Between 2008 and 2009, the US stock market specifically lost more than 50% of its value. And so that's what you have to reconcile. Is the potential upside of what you could earn in the next couple of years worth it to know that your down payment could be cut in half by over 50% over the next six months?

To invest your money short term is to be beholden to the timing of the market, not your own personal timing. Most people probably wouldn't want to deal with that or to take that risk. I know that I wouldn't.

I would just keep that money in a high-yield savings account or some other cash option and call it a day. So next question. I contribute 8% to my 401k.

I got a big raise. Should I keep contributing 8%? Well, first of all, congratulations.

I am virtually spraying you with champagne right now. Ssshh. Next, do you have a fully stocked emergency fund?

Are all of your credit cards paid off in full? If yes, then I would say up that percentage contribution to your 401k or consider doing additional investing outside of it. It is pretty standard personal finance advice to aim to save about 20% of your total income.

Save and invest. And I know, 20% sounds like so much. But you've already got a great start with 8%.

And now, with this big raise, hopefully you've got a little bit of additional bandwidth that you can keep pumping up that amount. I think that it's helpful whenever you're doing retirement planning or just thinking about financial independence in general, is to remember that retirement is not an age. It's an amount of money saved.

Ain't nobody going to serve retirement up to us on a silver platter when we're 65. We're not Europeans. And then I'm not saying that it's good.

I don't think that it should be this way. I think there should be a much more humane system for saving and investing for retirement. But unfortunately, it's not the one that we as Americans are in.

And so you get to retire. You get to walk away from work when you have enough resources to do so. That means that we control the point at which we are financially independent by our savings rate.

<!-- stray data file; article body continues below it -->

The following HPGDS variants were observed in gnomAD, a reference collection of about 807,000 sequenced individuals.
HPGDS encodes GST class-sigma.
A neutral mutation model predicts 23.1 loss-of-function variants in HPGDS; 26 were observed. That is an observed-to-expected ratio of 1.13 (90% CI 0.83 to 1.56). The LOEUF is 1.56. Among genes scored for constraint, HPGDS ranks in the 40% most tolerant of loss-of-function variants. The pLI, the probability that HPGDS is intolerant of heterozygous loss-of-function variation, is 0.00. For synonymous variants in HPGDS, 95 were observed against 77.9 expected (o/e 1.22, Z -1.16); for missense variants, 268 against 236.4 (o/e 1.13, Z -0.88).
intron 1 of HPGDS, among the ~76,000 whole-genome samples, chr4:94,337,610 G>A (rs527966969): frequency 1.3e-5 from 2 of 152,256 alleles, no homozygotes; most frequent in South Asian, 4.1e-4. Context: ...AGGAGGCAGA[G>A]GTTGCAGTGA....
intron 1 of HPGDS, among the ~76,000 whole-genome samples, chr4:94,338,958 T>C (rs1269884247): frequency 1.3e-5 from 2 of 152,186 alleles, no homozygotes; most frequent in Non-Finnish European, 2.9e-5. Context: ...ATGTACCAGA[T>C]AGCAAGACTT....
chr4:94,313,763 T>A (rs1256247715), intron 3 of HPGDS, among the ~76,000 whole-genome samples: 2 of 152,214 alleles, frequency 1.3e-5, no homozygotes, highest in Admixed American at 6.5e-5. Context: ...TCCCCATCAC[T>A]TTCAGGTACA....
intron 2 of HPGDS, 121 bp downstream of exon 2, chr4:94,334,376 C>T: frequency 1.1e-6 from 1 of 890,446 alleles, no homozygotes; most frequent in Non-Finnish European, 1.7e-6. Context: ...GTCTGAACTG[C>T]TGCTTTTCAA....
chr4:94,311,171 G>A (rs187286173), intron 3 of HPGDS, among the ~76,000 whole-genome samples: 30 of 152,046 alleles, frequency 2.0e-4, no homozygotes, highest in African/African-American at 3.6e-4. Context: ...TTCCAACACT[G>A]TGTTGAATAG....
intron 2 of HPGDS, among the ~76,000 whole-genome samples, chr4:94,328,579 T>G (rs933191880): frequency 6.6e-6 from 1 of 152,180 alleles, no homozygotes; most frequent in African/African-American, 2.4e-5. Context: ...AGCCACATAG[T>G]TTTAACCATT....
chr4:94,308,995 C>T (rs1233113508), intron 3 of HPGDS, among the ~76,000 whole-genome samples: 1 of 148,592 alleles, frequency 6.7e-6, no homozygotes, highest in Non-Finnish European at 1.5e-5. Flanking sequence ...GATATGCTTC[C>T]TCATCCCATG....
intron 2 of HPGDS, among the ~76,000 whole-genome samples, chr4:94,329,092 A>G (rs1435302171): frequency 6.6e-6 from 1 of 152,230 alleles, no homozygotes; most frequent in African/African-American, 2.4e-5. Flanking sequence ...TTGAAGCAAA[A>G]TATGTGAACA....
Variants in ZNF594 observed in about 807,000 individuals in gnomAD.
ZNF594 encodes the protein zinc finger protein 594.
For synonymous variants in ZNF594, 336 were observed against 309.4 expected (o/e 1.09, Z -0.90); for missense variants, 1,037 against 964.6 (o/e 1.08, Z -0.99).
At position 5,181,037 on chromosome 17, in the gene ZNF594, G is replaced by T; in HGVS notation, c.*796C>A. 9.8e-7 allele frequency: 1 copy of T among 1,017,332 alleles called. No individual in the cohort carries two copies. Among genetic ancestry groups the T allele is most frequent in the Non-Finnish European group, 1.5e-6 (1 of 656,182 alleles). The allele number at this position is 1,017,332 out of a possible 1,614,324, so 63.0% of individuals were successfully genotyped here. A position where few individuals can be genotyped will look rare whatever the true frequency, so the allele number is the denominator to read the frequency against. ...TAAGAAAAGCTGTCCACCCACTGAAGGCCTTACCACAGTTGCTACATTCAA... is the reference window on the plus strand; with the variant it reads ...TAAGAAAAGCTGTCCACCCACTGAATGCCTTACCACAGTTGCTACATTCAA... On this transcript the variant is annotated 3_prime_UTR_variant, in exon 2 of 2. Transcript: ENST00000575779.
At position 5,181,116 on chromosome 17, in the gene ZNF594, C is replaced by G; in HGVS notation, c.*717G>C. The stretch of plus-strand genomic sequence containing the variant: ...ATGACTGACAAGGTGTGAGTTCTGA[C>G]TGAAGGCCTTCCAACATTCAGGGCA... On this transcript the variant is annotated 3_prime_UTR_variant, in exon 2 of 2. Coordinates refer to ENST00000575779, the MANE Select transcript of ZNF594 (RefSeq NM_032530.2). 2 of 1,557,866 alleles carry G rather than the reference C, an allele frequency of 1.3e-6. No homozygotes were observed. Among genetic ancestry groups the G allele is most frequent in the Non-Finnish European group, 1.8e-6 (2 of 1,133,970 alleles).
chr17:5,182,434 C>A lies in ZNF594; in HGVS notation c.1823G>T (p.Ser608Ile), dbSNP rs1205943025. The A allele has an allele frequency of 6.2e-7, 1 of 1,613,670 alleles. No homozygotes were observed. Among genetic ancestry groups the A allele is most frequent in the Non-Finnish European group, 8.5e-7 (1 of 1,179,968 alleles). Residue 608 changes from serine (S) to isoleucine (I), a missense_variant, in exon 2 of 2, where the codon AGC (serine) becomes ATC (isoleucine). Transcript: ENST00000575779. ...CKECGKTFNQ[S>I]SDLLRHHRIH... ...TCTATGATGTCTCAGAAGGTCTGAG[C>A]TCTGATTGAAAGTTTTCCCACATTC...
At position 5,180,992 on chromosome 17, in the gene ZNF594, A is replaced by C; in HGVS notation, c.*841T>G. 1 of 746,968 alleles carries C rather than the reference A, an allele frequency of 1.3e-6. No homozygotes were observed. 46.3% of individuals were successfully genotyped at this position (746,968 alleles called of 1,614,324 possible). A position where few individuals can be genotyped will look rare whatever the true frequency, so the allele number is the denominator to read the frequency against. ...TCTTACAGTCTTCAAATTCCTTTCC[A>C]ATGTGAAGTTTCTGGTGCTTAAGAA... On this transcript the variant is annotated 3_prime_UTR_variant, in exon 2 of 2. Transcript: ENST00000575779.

It's kind of just a little pulley system. If we want to retire sooner, for example, if we want to retire at age 40, then we need to be saving like 50% or 60% of our income. If we only save 10% of our income, that we won't get to retire until much later.

You know, even 20% is kind of a guess as to the amount of money that you need to save and invest for normal retirement age. And why is 20% a guess? Because nobody can tell the future.

I mean, think of the uncertainties that we have to contend with. First of all, investing returns are not necessarily a foregone conclusion. We can't count on them.

Next, anything could happen in life. There could be a death in the family, a divorce, a significant job layoff. And also, I don't even know how old you are, right?

Like, I can't tell somebody that 20% is the right amount to invest when they're 25 and when they're aged 65. Like, that makes no logical sense. So when somebody asks me, should I save X amount?

Should I save X amount? My answer is always the same. We just need to save and invest like hell.

Not because I think that saving is easy. Not because I think that saving is the morally right thing to do. We just have to save and invest like hell because we don't know what the future holds and also because we happen to live in a country that does not have our back when things get tough.

OK. So next question. Should I use ETFs or index funds?

Woo. OK, so this is another one that I get a ton of confusion on. And so what do you say we just clear it all up at once and for all.

Let's talk about what is a mutual fund versus what is an exchange traded fund and how do index funds fit into the mix? First, an investment fund. A fund is really nothing more than a big old basket of some other investment type.

So it could be a big old basket of stocks, of bonds, of real estate holdings, or some combination. And you've probably heard me use my bouquet example before. Whereas buying a single stock is like buying a single stem, a single rose.